Academic journal article The Journal of Consumer Affairs

Why Do We Read On-Pack Nutrition Information So Differently? A Typology of Reading Heuristics Based on Food Consumption Goals

Academic journal article The Journal of Consumer Affairs

Why Do We Read On-Pack Nutrition Information So Differently? A Typology of Reading Heuristics Based on Food Consumption Goals

Article excerpt

While prior research has extensively studied nutrition labeling use and consumer errors of judgment in the nutrition evaluation process, less attention has been paid to the consumer motivations that simplify the reading of on-pack nutrition information. To address this gap. this study examines how food consumption goals affect consumer reading of this information. On the basis of a qualitative study, eight food consumption goals have been identified and classified into four types of motivations which impact reading behaviors: "Food Optimization," "Food Regulation," "Food Gratification," and "Food as Mere Necessity." From this typology, we derive eight on-pack nutrition information reading heuristics as well as specific inference biases resulting from these simplifying reading strategies. This research also provides guidelines for policymakers so that nutritional messages given to consumers will he more targeted in order to promote better reading of on-pack nutrition information at the point of sales.

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Because obesity and excess weight is considered today to be a worldwide epidemic (WEIO, Fact Sheet No. 311, March 2013), on-pack nutrition information has become a top priority for both the food industry and public authorities. Compulsory in many countries (such as the United States, Canada, Argentina, and Australia), this information tool has been set up to help consumers be better informed in making food choices and to assist them in maintaining healthy dietary practices (Souiden, Abdelaziz, and Fauconnier 2013). While increasing regulations concerning labeling may create tough constraints for companies who are positioning their products to appeal to the consumer's need for pleasure, on-pack nutrition information could become an effective communication tool for those food manufacturers whose focus is on nutrition innovation. Yet, no matter what the position or strategy of a company might be, nutrition information must first be read and understood by the consumers so that their decisions are well-founded whatever their food choices may be.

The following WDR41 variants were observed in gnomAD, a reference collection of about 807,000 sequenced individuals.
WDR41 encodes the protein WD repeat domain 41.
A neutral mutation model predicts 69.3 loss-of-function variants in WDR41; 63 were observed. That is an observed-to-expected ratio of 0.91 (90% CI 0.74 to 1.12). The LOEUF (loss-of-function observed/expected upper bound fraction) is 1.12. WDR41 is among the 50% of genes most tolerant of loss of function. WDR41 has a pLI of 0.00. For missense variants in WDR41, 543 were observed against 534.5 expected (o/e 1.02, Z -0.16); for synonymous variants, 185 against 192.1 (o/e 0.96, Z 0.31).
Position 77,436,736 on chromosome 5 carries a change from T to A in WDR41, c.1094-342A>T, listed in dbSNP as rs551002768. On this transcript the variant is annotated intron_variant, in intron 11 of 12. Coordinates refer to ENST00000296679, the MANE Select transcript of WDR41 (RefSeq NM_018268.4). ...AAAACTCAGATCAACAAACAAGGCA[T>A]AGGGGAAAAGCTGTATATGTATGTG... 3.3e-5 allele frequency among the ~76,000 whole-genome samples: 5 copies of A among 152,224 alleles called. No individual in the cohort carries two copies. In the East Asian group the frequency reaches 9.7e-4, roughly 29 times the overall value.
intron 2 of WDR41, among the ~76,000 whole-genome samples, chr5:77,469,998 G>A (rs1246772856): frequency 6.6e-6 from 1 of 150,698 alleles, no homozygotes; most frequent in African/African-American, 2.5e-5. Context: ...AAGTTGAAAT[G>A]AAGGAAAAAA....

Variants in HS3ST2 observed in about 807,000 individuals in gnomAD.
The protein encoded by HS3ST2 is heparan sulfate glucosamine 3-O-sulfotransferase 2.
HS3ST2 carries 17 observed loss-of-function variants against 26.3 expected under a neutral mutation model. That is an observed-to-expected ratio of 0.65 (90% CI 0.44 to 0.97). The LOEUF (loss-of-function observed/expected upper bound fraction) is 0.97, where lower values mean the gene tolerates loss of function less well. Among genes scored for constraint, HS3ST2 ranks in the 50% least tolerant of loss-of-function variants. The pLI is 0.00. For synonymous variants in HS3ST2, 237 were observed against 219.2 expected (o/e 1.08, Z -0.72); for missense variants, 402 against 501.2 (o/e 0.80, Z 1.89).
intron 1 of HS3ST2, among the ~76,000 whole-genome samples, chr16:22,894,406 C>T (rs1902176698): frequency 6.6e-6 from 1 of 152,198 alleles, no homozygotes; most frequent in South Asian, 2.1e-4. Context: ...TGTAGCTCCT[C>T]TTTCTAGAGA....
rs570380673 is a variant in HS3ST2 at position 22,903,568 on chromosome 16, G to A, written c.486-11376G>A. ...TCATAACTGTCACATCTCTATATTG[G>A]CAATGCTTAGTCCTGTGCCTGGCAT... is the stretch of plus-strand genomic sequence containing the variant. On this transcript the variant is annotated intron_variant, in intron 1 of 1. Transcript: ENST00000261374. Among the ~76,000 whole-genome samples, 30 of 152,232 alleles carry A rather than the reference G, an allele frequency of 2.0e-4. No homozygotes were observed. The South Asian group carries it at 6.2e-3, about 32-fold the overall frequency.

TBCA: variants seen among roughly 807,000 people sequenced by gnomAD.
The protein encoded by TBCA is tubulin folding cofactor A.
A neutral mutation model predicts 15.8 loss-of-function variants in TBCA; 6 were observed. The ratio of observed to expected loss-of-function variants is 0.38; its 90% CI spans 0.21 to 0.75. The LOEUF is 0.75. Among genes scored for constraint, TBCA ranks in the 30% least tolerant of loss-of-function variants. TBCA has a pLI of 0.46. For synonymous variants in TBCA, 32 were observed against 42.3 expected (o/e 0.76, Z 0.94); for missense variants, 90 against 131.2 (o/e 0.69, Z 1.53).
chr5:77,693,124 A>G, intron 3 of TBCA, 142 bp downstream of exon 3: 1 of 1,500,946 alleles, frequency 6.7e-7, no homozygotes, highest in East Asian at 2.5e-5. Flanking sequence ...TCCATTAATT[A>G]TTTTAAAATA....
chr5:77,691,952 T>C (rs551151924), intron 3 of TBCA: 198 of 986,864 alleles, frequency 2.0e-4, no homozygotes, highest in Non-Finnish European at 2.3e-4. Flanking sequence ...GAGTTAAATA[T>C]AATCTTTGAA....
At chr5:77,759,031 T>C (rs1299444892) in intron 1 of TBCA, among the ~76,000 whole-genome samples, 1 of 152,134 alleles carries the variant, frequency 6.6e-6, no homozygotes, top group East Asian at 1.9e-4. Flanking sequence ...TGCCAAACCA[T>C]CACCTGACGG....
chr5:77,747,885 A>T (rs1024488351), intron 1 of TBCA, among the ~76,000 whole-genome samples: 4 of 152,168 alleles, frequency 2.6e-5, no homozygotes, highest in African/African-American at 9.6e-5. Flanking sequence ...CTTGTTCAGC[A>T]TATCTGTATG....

As a consequence of on-pack nutrition information overload, consumers, however, neither read nor use all the information that is made available to them (Grunert, Bolton, and Raats 2012; Grunert, Wills, and Fernandez-Celemm 2010). Instead, they apply simplifying shortcuts--called heuristics--to minimize judgment task difficulty (Andrews, Burton, and Kees 2011; Aydinoglu and Krishna 2011; Bettman, Luce, and Payne 1998; Dhami and Harries 2010; Scheibehenne, Miesler, and Todd 2007; Schulte-Mecklenbeck et al. 2013; Wansink, Just, and Payne 2009).

Although extensive research has been done to understand consumer misinterpretations and errors of judgment in the nutrition evaluation process (Andrews, Netemeyer, and Burton 1998; Chandon and Wansink 2007a, 2007b; Kozup, Creyer, and Burton 2003; Oakes and Slotterback 2005; Rozin, Ashmore, and Markwith 1996; Scott et al. 2008; Van Ittersum and Wansink 2012; Wansink and Chandon 2006), little work has been done to explore how consumers simplify the reading of on-pack nutrition information before product evaluation. This lack of interest may come from the fact that scholars generally assume that consumers exhibit homogenous needs, attitudes, and behaviors when exposed to nutritional information (Souiden, Abdelaziz, and Fauconnier 2013), whereas consumer food choices are actually guided both by multiple and conflicting goals which determine what information consumers will look for and how they will interpret it (Aakerand Lee 2001: Hausman 2012; Stroebe et al. 2008). This diversified range of food goals pursued by consumers implies the existence of multiple strategies in their reading of nutrition information and needs to be further explored by the literature. In this article, we address this gap by proposing a typology of on-pack nutrition information reading heuristics based on consumers' food consumption goals. …

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